|Oct 09, 2010, 03:17 PM|
flap design help required for swept wing
I'd like some assistance with the size and placement of pitch neutral flaps on my latest swept wing.
Norm posted some guidance on another thread, but I'm afraid I couldn't quite get my head around it (I can be a bit slow on the uptake sometimes ).
I'm really happy with the way this slope wing flys, but it would be good if I could place it a bit better for landings as the glide usually sees me going round a few times before 'arriving'.
Hopefully the plan will give you the info you need, the cg is 5mm behind the root trailing edge.
Thanks in advance
|Oct 09, 2010, 03:35 PM|
I dont think you can have pitch neutral flaps on flying wings, due to them just acting as elevons. However, you could use split flaps like on the B2 spirits, also known as decellerons, but that depends on how much you like engineering
Or, you could integrate air brakes into your design, along the centre of gravity. Along with a bit of elevator mixing on your transmitter that should keep it going straight and true
|Oct 09, 2010, 03:50 PM|
WHY NOT THIS STYLE ?
It was used in a tailed glider but it does offer uniform drag on top and bottom
with a simple torque rod actuation.
|Oct 09, 2010, 09:09 PM|
|Oct 09, 2010, 09:11 PM|
|Oct 09, 2010, 09:35 PM|
I'm busy this weekend but I'll see what I can make of this next week. Just a guess but there may not be much room on the TE for flaps at such a high sweep angle. I don't recall ever seeing Curtis describe how he sized the flaps on "Tinamou". Maybe you could ask him.
|Oct 10, 2010, 03:21 AM|
Many thanks Norm, I'll give Curtis a shout and post here if we get a result
|Oct 10, 2010, 01:36 PM|
With a Flying Wing ANY Trailing edge changes are going to effect PITCH.
Camber flap actuation is necessarily going to induce DOWN pitch.
All speed changes are going to be from either Elevator motion, which is merely
changing the overall airfoil shape, more or less reflexed
OR due to some airbrake action.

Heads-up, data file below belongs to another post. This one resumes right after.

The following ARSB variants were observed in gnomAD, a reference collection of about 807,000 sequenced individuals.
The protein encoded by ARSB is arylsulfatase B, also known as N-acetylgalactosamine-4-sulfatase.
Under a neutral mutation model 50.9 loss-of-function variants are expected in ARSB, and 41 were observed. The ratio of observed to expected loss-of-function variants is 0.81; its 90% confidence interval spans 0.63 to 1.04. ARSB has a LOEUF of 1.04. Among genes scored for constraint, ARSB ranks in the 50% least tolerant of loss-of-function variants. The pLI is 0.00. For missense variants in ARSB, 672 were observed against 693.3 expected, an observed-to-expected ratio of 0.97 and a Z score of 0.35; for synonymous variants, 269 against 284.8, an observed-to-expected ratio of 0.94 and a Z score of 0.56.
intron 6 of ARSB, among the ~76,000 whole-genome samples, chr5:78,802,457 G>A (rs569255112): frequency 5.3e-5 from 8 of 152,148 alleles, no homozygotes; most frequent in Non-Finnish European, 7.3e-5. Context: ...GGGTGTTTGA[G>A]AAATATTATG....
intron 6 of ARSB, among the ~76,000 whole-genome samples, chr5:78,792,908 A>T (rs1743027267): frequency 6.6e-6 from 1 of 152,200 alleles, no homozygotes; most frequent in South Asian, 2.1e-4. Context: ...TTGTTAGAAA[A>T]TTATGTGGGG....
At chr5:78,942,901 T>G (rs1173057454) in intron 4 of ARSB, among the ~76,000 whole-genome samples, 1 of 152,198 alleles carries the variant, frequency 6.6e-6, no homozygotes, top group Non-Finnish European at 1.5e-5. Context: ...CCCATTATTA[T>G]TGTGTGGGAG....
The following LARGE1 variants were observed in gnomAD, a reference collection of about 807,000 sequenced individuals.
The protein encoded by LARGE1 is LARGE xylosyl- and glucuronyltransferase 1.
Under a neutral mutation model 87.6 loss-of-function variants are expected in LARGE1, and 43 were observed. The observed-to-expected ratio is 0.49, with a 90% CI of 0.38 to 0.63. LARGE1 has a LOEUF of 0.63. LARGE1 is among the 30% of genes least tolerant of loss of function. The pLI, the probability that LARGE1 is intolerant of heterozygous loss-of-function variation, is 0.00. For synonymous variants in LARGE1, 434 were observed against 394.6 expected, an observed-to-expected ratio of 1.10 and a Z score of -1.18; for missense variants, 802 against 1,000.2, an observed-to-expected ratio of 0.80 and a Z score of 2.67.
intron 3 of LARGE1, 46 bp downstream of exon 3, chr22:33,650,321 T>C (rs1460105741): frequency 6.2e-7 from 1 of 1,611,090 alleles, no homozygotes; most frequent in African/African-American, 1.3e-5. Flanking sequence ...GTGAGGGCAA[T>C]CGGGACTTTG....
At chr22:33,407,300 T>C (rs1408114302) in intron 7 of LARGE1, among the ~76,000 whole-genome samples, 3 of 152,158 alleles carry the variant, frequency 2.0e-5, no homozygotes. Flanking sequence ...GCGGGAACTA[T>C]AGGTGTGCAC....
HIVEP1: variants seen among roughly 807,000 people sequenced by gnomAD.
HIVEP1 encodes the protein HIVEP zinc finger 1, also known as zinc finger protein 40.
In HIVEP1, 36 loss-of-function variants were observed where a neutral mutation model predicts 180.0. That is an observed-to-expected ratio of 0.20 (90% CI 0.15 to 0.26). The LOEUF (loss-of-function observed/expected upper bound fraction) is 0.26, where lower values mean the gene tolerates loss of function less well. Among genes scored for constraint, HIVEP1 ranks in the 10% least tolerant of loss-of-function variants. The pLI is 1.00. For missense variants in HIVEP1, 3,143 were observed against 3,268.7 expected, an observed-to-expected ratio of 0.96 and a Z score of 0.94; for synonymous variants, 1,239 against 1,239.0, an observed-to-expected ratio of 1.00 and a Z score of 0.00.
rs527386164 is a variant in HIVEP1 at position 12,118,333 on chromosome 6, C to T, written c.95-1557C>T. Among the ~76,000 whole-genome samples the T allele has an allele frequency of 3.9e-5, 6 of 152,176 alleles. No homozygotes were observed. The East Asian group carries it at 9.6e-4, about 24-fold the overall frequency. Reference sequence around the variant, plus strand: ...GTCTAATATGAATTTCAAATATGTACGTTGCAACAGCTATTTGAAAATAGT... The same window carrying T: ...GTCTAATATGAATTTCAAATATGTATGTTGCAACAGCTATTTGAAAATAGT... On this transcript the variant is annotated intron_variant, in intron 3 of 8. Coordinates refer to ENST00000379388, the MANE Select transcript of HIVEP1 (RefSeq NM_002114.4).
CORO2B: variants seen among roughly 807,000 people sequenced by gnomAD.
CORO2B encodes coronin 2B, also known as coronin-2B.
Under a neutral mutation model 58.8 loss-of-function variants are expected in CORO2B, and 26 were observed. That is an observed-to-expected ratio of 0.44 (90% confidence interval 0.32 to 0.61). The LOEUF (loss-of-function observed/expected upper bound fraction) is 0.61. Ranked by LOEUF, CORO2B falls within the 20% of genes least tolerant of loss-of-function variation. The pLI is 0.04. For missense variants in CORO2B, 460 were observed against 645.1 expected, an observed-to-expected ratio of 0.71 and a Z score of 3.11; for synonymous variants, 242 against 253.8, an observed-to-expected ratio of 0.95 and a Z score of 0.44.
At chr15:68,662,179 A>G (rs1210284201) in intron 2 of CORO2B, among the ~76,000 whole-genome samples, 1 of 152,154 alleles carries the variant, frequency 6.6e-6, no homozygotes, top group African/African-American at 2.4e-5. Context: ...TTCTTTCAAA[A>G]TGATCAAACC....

So when someone wants a "flap" on a flying wing, I think AIRBRAKE.
Because IF you change any portion of the TE then some other part of the TE
is going to have to compensate for induced pitch. AKA CROW
So you are back to Air brake again.
Surfaces that are split and go both up & down simultaneously
and are pitch neutral, are, again, Air brakes.
From an above post - decelerons
Spoilers, on the other hand, can be placed so as to NOT effect pitch.
But again what are they doing - slowing the craft down - AKA Air brakes.
The decision is WHAT is going to be the easiest to build and actuate.
If you have separate Ailerons and Elevators already
THEN using radio programming you can CROW it and need do nothing more.
If you have integrated the controls into a single moveable surface on each side
aka ELEVONS then your choices are either Spoilers or
and addition TE surface like the Decelerons or some other speed brake notion.
|Oct 10, 2010, 02:06 PM|
There are numerous examples of flaps on flying wings that have little or no effect on pitch.
If you look at the Multibumm wing, it doesn't have flaps but......
...it has inboard surfaces that act as an elevator but with an upward deflection giving down pitch (like a cannard).
As this model can also be flown with conventional outboard elevons (downward throw for pitch down) it must therefore follow that somewhere along that trailing edge there is a location for a correctly sized control surface that would have no effect on pitch if deflected up or down.
The key is working out what that optimum size and location is....I must track down a copy of 'Tailess Aircraft in Theory and Practice'
|Oct 10, 2010, 02:41 PM|
Please post that theory when you find it. thank you.
To my way of simplistically observing FW dynamics they are a merely a combination of forward CG which is offset by reflex for stability and control.
IF , due to some combination of sweep back and Washout,
some portion of an FW is NOT contributing to the overall Lift
then I have to wonder what is it there for ?
So my simplistic view is,
IF any portion of the wing is contributing to lift
then a TE change is going to effect pitch.